by Will Viharo
“The first one is free” is the oldest hook in the book when it comes to promoting any product, the idea being to get your customers “addicted” by offering a taste of what’s in store for them if they plunk down some cash for the privilege of a steady supply.
This adage can also apply to literature of any kind. But there are many ways to induce incentive for readers buy the whole cow after they’ve only sipped that milk. Just be careful not to sour their taste buds, alienate their palettes, or fill them up too soon in the process…
Generally, writers earn 70% royalties on each eBook title purchased. In the Kindle Unlimited deal, which will include your book if you sign up for Kindle Direct, readers that subscribe to the service can read an unlimited amount of books per month, including yours, for a single flat fee. And authors also receive 70% royalties on books sold in several foreign countries.
Once you enroll your book in Kindle Select your book is also automatically made available in the Kindle Owners Lenders Library, wherein the author receives royalties the first time portion of the book is read (only one allowed per customer per month), but not thereafter.
Frankly, the way they discern this is a bit complicated, at least to my mathematically challenged brain, but it’s all explained here.
There is also something called the Kindle Select Global Fund, explained in more detail here. Basically, it’s like a massive “tip jar” and every author enrolled in the program will get his or her share, depending on the amount in the till divided by how many books are being “borrowed” by any number of Amazon Prime users there are at any given point in time. We’re talking millions, so your slice of this pie is going to taste more like a crumb.
This is basically capitalistic socialism in action.
Additionally, Amazon offers Kindle users free samples of most titles, which is sort of like those free food cups at Trader Joe’s, served right next to a refrigerator stocked with the daily special as a subtle "hint."
Some marketing methods are more useful, and obvious, than others.
Run That By Me Again? Actually, Walk It, Slowly…
Frankly, for me and many average authors just trying to stay afloat day to day in a turbulent, hostile sea of obscurity and competition, a lot of this stuff comes off as downright esoteric, if not completely incomprehensible. Or even flat out unfair.
But if you’re an indie author, you really need to treat it like a small business, at least if you want to generate any profit at all. So doing a little research on how to best present and promote your own book is always well worth the effort.
Again, there are many different ways to reach this common goal, and not all of them work for everyone. That is why you need to discover your own best pathway to your individual goal, and that can only be achieved by trying as many different methods at your disposal. Especially if they’re free, because face it, most of us have very tight investment budgets for this artistically noble if not particularly lucrative career choice.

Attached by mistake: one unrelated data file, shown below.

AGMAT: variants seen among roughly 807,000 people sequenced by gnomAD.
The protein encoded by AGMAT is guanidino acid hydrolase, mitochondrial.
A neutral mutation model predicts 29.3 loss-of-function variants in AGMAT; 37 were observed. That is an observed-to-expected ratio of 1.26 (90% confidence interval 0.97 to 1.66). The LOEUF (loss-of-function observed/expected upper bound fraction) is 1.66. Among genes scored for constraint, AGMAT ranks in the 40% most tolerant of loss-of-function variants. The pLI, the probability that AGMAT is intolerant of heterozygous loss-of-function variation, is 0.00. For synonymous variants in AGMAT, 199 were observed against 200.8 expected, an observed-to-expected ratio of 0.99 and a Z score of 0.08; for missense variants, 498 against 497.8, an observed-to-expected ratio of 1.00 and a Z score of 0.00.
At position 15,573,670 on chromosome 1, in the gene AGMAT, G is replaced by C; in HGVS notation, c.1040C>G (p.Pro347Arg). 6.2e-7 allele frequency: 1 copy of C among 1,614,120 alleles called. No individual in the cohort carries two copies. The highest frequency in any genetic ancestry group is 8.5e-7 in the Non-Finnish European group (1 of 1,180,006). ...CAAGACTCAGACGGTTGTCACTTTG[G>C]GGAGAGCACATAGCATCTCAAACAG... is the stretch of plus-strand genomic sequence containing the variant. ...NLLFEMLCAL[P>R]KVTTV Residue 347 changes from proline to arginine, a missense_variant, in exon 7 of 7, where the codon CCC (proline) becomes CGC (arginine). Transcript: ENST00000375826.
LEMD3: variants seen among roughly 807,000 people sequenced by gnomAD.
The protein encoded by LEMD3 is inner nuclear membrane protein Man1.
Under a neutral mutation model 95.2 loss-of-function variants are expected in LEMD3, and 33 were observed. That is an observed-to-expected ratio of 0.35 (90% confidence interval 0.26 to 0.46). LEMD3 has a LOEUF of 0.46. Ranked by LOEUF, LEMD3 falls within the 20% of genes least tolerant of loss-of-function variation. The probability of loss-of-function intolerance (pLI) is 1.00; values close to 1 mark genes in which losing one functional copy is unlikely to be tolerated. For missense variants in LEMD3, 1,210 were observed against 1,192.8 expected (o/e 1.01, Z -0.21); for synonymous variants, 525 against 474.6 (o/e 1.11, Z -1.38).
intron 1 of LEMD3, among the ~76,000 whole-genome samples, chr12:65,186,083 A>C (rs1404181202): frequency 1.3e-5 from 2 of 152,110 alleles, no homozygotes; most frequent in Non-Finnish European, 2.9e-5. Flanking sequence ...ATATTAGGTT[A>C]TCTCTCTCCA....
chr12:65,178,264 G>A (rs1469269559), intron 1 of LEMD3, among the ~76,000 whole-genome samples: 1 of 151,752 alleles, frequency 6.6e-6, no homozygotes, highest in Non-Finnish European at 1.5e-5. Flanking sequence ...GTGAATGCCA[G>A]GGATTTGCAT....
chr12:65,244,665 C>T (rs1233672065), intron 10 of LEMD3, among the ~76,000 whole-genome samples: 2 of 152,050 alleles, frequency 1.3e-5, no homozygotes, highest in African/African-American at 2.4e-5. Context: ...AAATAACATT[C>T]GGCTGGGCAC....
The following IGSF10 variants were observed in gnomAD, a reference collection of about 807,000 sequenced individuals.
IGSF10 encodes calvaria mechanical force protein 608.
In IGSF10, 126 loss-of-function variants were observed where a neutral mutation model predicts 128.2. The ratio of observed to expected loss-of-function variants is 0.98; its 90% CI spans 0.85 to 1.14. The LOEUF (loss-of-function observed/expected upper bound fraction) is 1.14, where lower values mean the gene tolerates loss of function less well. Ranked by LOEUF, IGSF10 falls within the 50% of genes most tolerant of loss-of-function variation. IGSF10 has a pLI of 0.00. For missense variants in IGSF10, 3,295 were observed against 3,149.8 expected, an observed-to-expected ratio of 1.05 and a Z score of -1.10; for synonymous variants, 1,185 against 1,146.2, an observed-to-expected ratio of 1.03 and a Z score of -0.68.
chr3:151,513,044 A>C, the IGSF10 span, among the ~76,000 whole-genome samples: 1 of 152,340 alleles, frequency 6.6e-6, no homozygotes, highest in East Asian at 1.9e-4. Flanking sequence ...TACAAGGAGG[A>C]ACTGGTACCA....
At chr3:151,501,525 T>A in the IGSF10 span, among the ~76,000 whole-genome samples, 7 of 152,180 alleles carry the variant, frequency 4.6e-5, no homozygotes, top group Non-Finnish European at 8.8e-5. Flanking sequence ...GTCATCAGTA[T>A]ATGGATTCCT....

Status Updates Actually Worth Sharing
Another way to go about introducing potential fans to your work is to post excerpts on your Facebook page, whether it’s your personal profile, a fan page for one of your books (or your own imprint), or all of them.
Keep in mind that, while you want to avoid “spamming” your friends list and alienating them with too much self-promotion, the fact is most posts, especially those that are essentially unpaid ads (a feature Amazon offers for additional fees most of us can't afford), will either go unread or unnoticed by the vast majority of anyone browsing their busy daily news feeds.
So I recommend multiple posts on all of your platforms, but pace them judiciously. Also, try to make them all unique, so it doesn’t sound like you’re simply reposting out of laziness, lack of imagination, or, worst of all, desperation.
I have also given away a lot of free print copies, to friends and strangers, including celebrities I admire that I happened to meet at a convention or something. Mostly, this is just a way of “giving back” to people whose own careers have either inspired or entertained me or both. And it makes for a nice photo op if they’re willing to pose with you while holding your book.
Just make sure not to take advantage of their generosity or exploit the opportunity in a way that comes off as a dishonest “endorsement.” That could seriously backfire, both legally and personally. You never want people you admire to wind up resenting you.
Gratis copies offered to fellow authors are often just acts of solidarity, especially if we’re swapping books. Freebies to potential fans are done in hopes of a positive product review on Amazon. That hardly ever happens, to be honest. But you never know.
Just keep rolling those dice.
Topping Off the Bottom Line
My advice? If Amazon or any publishing platform offers the option of providing free copies to readers when you’re in the process of uploading your book, just click “yes.” I can’t say it’s paid off for me in any substantial way, at least not yet. But if it’s not costing you anything, either, you might as well take the chance. You’ve got nothing to lose, especially if no one is buying your books, anyway.
At least not yet.
PHOTO: WILL VIHARO (with actress Sheryl Lee at Crypticon, Seattle, May 2015)